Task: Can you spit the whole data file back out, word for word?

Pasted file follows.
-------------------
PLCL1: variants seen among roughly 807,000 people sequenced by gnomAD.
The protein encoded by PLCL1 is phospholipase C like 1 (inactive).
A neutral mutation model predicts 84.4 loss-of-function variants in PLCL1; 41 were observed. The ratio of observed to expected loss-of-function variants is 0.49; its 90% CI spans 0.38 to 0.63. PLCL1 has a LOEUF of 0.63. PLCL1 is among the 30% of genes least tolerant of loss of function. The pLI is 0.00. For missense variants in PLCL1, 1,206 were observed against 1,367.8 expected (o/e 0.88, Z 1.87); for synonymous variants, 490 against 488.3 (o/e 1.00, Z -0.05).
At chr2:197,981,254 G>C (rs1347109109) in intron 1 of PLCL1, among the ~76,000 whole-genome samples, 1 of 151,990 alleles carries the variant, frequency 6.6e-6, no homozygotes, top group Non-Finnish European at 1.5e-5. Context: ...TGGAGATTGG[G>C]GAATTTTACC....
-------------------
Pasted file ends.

PLCL1: variants seen among roughly 807,000 people sequenced by gnomAD.
The protein encoded by PLCL1 is phospholipase C like 1 (inactive).
A neutral mutation model predicts 84.4 loss-of-function variants in PLCL1; 41 were observed. The ratio of observed to expected loss-of-function variants is 0.49; its 90% CI spans 0.38 to 0.63. PLCL1 has a LOEUF of 0.63. PLCL1 is among the 30% of genes least tolerant of loss of function. The pLI is 0.00. For missense variants in PLCL1, 1,206 were observed against 1,367.8 expected (o/e 0.88, Z 1.87); for synonymous variants, 490 against 488.3 (o/e 1.00, Z -0.05).
At chr2:197,981,254 G>C (rs1347109109) in intron 1 of PLCL1, among the ~76,000 whole-genome samples, 1 of 151,990 alleles carries the variant, frequency 6.6e-6, no homozygotes, top group Non-Finnish European at 1.5e-5. Context: ...TGGAGATTGG[G>C]GAATTTTACC....